Due to the existence of several specific geographical and political factors, the 18th century England was most favourably placed for an industrial revolution.

Through overseas trade, including the trade in slaves, the Kingdom of Britain had accumulated vast profits, which could provide the necessary capital to finance such ventures. In the trade rivalries of European countries also, England had emerged as a winner. It had acquired colonies all over the world that ensured a regular supply of raw materials.

Further, after the disappearance of the serfdom system, people were no longer tied to the land and master. They were free to do any job they could find. In the enclosure movement during the 18th century, the big land-owners consolidated their land-holdings while small peasants were ousted. This created a situation of unemployment on a vast scale; however, there was no shortage of labour to work in the factories.

As a result of the revolution of the 17th century, a stable system of government had been established. The government was no longer under the domination of the feudal classes. The capitalist class acquired more political power and the danger of government interference was significantly reduced.

England also had plenty of natural resources, such as iron and coal, essential for the industries. This saved England from many difficulties which the other regions faced. By the 18th century, England had developed a large shipping industry and had no transportation problem.

During those times, no other country enjoyed all these advantages at the time. While some regions suffered from a lack of capital or natural resources, others had an unfavourable political system. Many of the European countries had agrarian economies and lived under traditional political systems. Some regions like Italy and Germany were not even united and suffered from many economic restrictions.

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3. Impact of the Industrial Revolution

3.1 Unplanned Urbanisation

An immediate consequence of the rise of the new industrial sector in Britain was that it gave a significant push to the new urban centres. However, this form of urbanisation was predominantly unplanned and marked by the proliferation of slums, lack of safe water supply, sanitation, and air pollution. All this negatively affected the standard of living in these urban industrial centres, even though the production of consumer commodities increased significantly.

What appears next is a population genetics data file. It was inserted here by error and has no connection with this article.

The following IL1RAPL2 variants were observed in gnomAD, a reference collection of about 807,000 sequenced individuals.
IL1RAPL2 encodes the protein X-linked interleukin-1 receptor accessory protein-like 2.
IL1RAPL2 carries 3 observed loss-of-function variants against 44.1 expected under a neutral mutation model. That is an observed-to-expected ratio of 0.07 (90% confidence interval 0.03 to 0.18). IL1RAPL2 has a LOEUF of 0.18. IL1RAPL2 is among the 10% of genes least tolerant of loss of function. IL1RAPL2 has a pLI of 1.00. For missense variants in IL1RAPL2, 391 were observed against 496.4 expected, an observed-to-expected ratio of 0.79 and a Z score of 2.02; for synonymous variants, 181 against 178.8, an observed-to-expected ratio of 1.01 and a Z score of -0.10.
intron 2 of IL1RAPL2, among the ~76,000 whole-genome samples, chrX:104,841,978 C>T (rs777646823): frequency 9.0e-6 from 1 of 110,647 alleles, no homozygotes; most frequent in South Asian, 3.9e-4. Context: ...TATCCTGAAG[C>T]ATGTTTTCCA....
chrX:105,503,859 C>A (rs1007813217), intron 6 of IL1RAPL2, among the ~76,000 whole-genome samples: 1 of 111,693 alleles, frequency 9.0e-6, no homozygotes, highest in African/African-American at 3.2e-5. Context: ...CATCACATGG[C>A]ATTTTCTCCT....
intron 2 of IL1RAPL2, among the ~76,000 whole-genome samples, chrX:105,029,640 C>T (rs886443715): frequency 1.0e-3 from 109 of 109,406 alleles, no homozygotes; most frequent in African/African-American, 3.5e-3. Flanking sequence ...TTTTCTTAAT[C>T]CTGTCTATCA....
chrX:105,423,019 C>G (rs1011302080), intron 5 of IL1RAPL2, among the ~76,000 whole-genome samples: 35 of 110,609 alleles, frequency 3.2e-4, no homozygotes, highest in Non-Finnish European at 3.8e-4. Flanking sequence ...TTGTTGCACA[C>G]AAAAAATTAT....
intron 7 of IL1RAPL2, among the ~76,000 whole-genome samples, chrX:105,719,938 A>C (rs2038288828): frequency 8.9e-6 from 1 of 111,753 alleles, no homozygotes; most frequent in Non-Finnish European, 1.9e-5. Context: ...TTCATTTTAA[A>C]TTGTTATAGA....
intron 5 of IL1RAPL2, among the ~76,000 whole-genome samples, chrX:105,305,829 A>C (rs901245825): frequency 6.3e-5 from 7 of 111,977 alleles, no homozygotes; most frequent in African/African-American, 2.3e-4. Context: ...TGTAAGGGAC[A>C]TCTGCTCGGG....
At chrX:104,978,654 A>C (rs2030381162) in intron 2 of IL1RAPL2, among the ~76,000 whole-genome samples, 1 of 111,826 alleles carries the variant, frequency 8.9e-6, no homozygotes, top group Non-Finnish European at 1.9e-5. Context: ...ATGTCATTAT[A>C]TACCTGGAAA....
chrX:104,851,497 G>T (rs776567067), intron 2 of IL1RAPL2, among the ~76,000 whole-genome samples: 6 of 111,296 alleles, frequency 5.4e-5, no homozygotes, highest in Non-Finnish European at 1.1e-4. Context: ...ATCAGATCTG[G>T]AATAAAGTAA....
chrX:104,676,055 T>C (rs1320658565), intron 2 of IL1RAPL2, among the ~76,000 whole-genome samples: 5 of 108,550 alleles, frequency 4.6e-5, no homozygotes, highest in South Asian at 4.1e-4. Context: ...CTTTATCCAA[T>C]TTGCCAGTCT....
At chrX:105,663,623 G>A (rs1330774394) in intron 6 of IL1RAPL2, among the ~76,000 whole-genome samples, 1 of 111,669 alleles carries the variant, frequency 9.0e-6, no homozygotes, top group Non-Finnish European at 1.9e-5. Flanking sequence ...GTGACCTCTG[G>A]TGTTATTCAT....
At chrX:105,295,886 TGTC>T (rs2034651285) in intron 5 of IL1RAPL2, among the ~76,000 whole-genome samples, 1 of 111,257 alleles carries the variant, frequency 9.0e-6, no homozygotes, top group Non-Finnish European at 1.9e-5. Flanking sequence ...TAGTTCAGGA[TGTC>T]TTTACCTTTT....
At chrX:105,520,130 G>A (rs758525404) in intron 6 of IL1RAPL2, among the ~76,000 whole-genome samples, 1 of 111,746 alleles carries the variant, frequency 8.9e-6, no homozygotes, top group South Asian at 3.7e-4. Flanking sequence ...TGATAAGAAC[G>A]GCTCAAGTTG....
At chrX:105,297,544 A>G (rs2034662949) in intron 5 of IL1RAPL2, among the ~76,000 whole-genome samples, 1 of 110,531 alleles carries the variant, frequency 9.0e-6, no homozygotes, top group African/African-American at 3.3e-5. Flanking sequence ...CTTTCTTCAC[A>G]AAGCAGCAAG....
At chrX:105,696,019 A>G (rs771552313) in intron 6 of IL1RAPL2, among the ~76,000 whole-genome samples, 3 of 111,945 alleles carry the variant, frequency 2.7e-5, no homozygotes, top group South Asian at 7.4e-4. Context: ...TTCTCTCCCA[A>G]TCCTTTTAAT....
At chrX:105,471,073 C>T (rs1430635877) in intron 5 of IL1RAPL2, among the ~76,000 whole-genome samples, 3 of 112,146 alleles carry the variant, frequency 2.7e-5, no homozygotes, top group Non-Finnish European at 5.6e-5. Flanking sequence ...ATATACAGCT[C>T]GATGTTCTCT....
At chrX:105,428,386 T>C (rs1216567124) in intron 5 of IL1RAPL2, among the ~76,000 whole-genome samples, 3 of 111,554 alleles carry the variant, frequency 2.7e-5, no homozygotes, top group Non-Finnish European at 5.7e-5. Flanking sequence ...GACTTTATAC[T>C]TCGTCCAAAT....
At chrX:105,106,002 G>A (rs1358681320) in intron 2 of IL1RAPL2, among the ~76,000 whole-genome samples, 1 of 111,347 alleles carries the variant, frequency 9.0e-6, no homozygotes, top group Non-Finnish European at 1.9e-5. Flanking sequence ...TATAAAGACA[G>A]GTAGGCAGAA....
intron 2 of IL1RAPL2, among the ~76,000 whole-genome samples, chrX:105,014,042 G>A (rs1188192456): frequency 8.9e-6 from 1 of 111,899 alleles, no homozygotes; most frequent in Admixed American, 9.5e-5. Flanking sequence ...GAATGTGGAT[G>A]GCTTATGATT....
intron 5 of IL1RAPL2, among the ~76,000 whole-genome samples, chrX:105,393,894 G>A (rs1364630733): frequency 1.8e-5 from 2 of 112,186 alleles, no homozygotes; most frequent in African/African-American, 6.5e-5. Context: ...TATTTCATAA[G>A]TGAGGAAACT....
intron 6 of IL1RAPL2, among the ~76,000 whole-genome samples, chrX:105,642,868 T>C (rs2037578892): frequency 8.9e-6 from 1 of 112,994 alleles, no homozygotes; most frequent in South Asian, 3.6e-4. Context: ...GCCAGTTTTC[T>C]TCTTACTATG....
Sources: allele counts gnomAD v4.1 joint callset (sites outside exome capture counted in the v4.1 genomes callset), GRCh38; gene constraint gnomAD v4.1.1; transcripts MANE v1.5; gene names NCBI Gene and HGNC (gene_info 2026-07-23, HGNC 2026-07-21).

3.2 Growth of Railways

The growth of industrialisation in Britain also witnessed a rapid expansion of the Railway network as a chief instrument to transport the goods and raw materials cheaply over long distances. By 1860, Britain had a 6000-mile long Railway network. Moreover, the spread of the industrial revolution resulted in the rapid rise in the Railway network across major industrial economies as well.

3.3 Colonialism

The colonial rivalry and search for colonies intensified during the 1850s and 1900 between the major European powers such as Britain, France, Italy, Germany and even among the emerging Asian countries like Japan in search of an assured market for their industrial economies.

3.4 Agriculture Revolution

During the industrial revolution, several changes were brought in the agriculture sector. The cropping pattern, methods of sowing and harvesting were altogether changed. Consequently, the food production increased and the cash crops now provided essential raw materials for industries.

New farm machine was also invented. It included the steel plough and harrow for breaking the ground, the mechanical drill for seeding and the horse-drawn cultivator to replace the traditional hoe. There were machines for reaping and threshing too.

3.5 Transport Revolution

The need to transport raw materials and manufactured products led to the improvement of roads and digging of canals in England and other countries.  Mc Adam devised the method of making pakka or ‘macadamized’ roads. The canals were also come out to be a big help in providing cheaper transportation, especially after steamboats came into use.

3.6 Growth of Workers Union

Politically, a major push was seen towards the rise of the militant trade unionism. The working class rose in protest against the low wages, long work hours and the absence of pensions. The working class also demanded political voting rights in Britain from 1830s onwards with the beginning of the Chartist movement.

3.7 Ethics of Consumerism